Modern investigation techniques, such as GPS, GIS and Remote Sensing techniques can provide fast and desired accuracy to surface and subsurface parameters. Global Positioning Systems are capable of recording positions to a high level of accuracy. GPS positioning system is probably the most effective general-purpose tool created to date for the determination of movement, spatial specifications, track history and time. GPS system as a whole can be divided into three segments:

  • Space segment: constellation of satellites
  • User segment: GPS receiver, hand held or vehicle installed
  • Controll segments: unmanned ground station to monitor the satellites

The concept behind GPS is the distance measurements between the receivers and satellites by the method of space resections. Differential GPS is required to obtain the accuracy required by many GIS data capture applications in terms of subcentimeter scale. DGPS requires the use of a base station at a known location to remove systematic error from the GPS signals. Recent GPS / GIS data collection devises have the capability to collect a wide range of GIS attribute data in addition to position of interest such as points, lines and area features.

Taking into consideration, the inhospitable terrain, where most of the engineering constructions are carried out, the use of GPS supplemented by GIS and remote sensing techniques by a geologist, is highly recommended. GPS and remote sensing techniques are very useful tools for data capture. GPS in fact is highly useful to cross check the data collected by a satellite imagery analyst and the surveyor.

GIS technique is basically a data analysis and display tool. GIS is a computer based system, which is an exceedingly useful tool to analyze the geomorphological features present on the surface of the earth and various spatial changes taking place on it with respect to time. In major engineering projects, such as dams, bridges, tunnels, high relief roads, data collection is a very difficult job, due to the inhospitable environment in most of the construction sites. Hence, taking into account such hazards or any unforeseen circumstance, GPS and remote sensing technologies will provide not only fast and accurate but also reliable geomorphological and geological data, which can be very successfully analysed by GIS, to give complete picture about the stability and durability of the structure.

The advantages of GPS/remote sensing techniques/GIS can be summarized as below:

  • Multifunctional: apart from the location data collected by GPS, the other attributes, which can be recorded, are:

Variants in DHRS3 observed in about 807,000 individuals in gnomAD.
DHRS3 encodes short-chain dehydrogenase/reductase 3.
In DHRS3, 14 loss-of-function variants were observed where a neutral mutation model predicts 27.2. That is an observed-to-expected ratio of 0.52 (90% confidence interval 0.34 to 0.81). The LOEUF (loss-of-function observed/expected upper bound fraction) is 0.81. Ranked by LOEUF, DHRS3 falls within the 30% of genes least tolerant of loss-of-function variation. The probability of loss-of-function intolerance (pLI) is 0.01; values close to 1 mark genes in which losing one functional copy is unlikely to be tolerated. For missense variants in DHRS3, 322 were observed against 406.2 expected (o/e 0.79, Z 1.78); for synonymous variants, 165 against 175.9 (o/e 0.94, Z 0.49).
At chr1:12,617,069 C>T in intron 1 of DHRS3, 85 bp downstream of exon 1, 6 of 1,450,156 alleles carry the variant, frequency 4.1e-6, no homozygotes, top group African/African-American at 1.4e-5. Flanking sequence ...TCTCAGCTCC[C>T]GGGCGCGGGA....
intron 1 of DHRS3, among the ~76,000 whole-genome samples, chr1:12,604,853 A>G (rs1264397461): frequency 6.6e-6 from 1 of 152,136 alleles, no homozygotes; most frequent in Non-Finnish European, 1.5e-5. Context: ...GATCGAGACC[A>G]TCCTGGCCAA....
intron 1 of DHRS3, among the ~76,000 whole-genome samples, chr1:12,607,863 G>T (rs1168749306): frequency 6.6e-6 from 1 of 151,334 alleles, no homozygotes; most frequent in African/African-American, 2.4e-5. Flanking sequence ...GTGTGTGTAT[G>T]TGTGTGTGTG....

• traverse distance
  • bearing of a station
  • track history
  • high precision clock
  • in built memory for data record
  • net displacement
  • datum option
  • Operational simplicity
  • Portability
  • Compatibility with modern electronic gadgets

GPS used in association with GIS may help on-site data capture, its analysis and its output. GPS with hand-held range finder, especially in case of inaccessible. Verification of location data collected from satellite imagery by GPS
Geotechnical Investigation of Hydel Power Sites
It is a well-known fact that almost all the dam sites are also the sites of hydal power plants. The generation of electricity is one of the most important objective of a dam constructions along with irrigation and flood controls. So during preparations of a geological report a geological expert must keep in mind all the criteria suitable for a hydal power sites along with dam sites. This should not be much difficult as the geotechnical considerations for the two are almost same and the success of dams itself ensure the success of a hydal power plant.

Though during five-year plan much hydal power projects have been completed successfully, the advent of recent geomatic tools has added new dimension to the site suitability location analysis for a hydal project. It has been realized very long back by the earth science expert that the remote sensing and GIS has the potential of accurate analysis for a site locations. Remote sensing technique can be applied to the geological applications like lithologic mapping, lineament analyses, tectonic studies, structural mapping, geomorphic studies, ground water and mineral explorations and geothermal studies etc. Single site location analysis can often be approached with some form of ranking or scoring process, which is based upon a set of geological parameter from a landscape of potential sites. Score of area are screened or filtered out of these scores are to low to be acceptable. This process can be carried out by a number of GIS product.